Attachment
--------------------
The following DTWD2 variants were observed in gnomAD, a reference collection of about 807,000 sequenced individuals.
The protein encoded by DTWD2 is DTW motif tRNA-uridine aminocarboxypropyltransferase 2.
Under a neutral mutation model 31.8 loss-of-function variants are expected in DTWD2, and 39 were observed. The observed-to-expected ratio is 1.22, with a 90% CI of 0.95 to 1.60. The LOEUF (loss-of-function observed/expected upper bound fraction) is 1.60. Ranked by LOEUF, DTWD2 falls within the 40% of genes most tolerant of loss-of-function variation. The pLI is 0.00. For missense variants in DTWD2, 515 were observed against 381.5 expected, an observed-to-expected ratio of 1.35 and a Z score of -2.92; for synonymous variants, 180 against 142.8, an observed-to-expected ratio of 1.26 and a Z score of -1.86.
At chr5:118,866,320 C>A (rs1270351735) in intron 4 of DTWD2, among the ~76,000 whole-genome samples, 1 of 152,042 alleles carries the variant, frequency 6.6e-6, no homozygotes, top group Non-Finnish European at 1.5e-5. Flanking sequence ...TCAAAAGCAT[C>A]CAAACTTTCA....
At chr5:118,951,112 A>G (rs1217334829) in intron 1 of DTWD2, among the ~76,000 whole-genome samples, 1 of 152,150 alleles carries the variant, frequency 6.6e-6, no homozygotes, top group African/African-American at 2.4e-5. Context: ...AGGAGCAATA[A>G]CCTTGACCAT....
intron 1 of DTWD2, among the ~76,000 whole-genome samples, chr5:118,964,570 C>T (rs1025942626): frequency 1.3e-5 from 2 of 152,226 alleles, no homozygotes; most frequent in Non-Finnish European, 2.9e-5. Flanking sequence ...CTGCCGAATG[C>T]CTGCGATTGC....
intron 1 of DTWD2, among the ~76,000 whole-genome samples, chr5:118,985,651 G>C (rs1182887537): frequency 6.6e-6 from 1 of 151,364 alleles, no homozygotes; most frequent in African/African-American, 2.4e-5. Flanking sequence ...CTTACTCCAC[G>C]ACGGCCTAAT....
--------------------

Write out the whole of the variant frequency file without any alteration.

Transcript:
The following DTWD2 variants were observed in gnomAD, a reference collection of about 807,000 sequenced individuals.
The protein encoded by DTWD2 is DTW motif tRNA-uridine aminocarboxypropyltransferase 2.
Under a neutral mutation model 31.8 loss-of-function variants are expected in DTWD2, and 39 were observed. The observed-to-expected ratio is 1.22, with a 90% CI of 0.95 to 1.60. The LOEUF (loss-of-function observed/expected upper bound fraction) is 1.60. Ranked by LOEUF, DTWD2 falls within the 40% of genes most tolerant of loss-of-function variation. The pLI is 0.00. For missense variants in DTWD2, 515 were observed against 381.5 expected, an observed-to-expected ratio of 1.35 and a Z score of -2.92; for synonymous variants, 180 against 142.8, an observed-to-expected ratio of 1.26 and a Z score of -1.86.
At chr5:118,866,320 C>A (rs1270351735) in intron 4 of DTWD2, among the ~76,000 whole-genome samples, 1 of 152,042 alleles carries the variant, frequency 6.6e-6, no homozygotes, top group Non-Finnish European at 1.5e-5. Flanking sequence ...TCAAAAGCAT[C>A]CAAACTTTCA....
At chr5:118,951,112 A>G (rs1217334829) in intron 1 of DTWD2, among the ~76,000 whole-genome samples, 1 of 152,150 alleles carries the variant, frequency 6.6e-6, no homozygotes, top group African/African-American at 2.4e-5. Context: ...AGGAGCAATA[A>G]CCTTGACCAT....
intron 1 of DTWD2, among the ~76,000 whole-genome samples, chr5:118,964,570 C>T (rs1025942626): frequency 1.3e-5 from 2 of 152,226 alleles, no homozygotes; most frequent in Non-Finnish European, 2.9e-5. Flanking sequence ...CTGCCGAATG[C>T]CTGCGATTGC....
intron 1 of DTWD2, among the ~76,000 whole-genome samples, chr5:118,985,651 G>C (rs1182887537): frequency 6.6e-6 from 1 of 151,364 alleles, no homozygotes; most frequent in African/African-American, 2.4e-5. Flanking sequence ...CTTACTCCAC[G>C]ACGGCCTAAT....